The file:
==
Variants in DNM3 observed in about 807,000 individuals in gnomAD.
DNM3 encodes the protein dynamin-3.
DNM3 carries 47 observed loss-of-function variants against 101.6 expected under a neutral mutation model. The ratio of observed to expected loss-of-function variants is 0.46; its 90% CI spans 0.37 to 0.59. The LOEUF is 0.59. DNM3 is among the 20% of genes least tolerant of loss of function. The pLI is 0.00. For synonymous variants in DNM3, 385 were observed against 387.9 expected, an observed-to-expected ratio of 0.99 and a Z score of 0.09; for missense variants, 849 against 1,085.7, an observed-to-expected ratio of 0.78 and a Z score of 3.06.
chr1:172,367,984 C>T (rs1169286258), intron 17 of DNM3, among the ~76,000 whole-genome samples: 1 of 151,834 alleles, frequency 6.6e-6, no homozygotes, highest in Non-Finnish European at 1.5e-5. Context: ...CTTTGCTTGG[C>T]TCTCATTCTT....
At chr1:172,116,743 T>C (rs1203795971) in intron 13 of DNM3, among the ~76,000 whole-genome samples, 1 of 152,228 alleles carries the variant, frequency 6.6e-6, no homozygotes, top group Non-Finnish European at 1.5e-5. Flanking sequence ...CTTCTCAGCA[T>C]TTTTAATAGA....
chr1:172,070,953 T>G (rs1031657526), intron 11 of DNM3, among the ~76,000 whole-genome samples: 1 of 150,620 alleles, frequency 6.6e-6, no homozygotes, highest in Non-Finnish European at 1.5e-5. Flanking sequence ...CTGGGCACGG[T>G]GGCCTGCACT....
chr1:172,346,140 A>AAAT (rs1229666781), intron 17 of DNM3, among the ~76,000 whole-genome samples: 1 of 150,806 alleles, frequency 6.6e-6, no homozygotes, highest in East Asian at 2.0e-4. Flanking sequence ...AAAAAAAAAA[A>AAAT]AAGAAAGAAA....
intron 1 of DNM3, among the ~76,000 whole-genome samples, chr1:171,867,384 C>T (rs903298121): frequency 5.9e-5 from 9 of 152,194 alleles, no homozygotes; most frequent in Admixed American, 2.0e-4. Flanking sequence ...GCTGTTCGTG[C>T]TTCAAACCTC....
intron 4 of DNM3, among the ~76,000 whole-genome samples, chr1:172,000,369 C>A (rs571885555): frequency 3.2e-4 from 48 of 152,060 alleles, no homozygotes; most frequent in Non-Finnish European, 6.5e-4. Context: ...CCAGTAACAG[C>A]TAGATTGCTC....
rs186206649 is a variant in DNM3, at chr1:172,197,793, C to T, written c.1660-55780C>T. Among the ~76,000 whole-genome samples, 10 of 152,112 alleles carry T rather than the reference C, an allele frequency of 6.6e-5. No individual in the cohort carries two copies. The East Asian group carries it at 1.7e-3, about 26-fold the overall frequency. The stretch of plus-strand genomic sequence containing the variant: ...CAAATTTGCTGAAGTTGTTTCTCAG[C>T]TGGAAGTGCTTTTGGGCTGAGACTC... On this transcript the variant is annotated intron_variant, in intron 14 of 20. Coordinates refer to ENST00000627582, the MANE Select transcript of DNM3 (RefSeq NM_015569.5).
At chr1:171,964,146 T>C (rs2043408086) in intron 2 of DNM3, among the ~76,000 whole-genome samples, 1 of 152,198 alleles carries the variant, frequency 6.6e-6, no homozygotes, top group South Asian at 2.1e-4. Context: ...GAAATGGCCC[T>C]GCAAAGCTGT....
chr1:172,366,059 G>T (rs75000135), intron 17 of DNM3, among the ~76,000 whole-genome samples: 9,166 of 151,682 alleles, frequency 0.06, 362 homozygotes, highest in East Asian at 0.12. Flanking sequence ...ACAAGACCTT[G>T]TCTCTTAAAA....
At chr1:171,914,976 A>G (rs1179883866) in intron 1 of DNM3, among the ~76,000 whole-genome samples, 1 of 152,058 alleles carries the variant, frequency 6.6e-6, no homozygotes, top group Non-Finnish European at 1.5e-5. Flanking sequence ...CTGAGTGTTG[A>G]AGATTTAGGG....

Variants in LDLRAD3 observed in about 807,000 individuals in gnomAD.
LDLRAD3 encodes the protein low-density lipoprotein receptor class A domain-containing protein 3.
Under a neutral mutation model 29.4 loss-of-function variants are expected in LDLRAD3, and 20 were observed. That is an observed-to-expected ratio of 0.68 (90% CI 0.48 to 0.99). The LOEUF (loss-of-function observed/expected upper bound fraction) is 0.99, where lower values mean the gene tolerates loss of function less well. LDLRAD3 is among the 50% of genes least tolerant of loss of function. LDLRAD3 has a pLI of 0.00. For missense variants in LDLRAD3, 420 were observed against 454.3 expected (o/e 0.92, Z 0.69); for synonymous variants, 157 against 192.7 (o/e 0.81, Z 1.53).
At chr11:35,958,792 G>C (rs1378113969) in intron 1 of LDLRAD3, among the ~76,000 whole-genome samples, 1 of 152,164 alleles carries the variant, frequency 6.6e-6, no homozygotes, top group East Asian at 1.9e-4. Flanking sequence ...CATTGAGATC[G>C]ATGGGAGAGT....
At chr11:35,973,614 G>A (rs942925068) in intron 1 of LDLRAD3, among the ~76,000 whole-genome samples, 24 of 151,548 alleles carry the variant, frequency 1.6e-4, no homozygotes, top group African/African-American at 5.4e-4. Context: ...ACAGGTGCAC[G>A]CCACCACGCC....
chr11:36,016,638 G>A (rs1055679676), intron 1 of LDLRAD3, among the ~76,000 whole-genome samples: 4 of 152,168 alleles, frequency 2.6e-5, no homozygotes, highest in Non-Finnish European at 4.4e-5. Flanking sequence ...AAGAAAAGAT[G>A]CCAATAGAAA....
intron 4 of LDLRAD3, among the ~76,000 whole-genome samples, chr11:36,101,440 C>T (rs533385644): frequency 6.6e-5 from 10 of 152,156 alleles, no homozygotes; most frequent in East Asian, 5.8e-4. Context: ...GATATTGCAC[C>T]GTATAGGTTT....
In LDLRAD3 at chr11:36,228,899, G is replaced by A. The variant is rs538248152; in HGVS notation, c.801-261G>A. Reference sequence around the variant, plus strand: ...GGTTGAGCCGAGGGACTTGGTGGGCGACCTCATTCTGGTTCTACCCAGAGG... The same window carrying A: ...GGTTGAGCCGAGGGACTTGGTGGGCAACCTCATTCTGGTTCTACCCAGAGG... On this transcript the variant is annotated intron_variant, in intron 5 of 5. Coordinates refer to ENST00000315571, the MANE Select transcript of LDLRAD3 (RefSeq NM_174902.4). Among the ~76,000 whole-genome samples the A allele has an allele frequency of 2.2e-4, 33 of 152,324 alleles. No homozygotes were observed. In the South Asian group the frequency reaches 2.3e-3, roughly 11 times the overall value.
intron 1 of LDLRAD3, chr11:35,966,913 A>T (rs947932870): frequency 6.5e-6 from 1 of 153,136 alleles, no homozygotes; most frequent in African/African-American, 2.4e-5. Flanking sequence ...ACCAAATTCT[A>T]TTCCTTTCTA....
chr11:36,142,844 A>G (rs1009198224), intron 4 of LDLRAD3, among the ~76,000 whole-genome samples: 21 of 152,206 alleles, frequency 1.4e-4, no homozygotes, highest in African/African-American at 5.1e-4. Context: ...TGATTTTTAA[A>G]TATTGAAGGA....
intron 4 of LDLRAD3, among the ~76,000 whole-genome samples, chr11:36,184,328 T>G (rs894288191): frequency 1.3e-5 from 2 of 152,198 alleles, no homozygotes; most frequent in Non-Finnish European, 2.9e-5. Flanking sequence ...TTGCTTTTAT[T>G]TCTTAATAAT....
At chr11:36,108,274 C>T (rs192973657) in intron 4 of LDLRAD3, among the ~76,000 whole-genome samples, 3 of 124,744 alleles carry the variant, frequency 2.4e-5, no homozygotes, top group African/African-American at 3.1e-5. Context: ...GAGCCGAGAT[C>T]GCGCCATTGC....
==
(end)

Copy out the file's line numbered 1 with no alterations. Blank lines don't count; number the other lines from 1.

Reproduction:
Variants in DNM3 observed in about 807,000 individuals in gnomAD.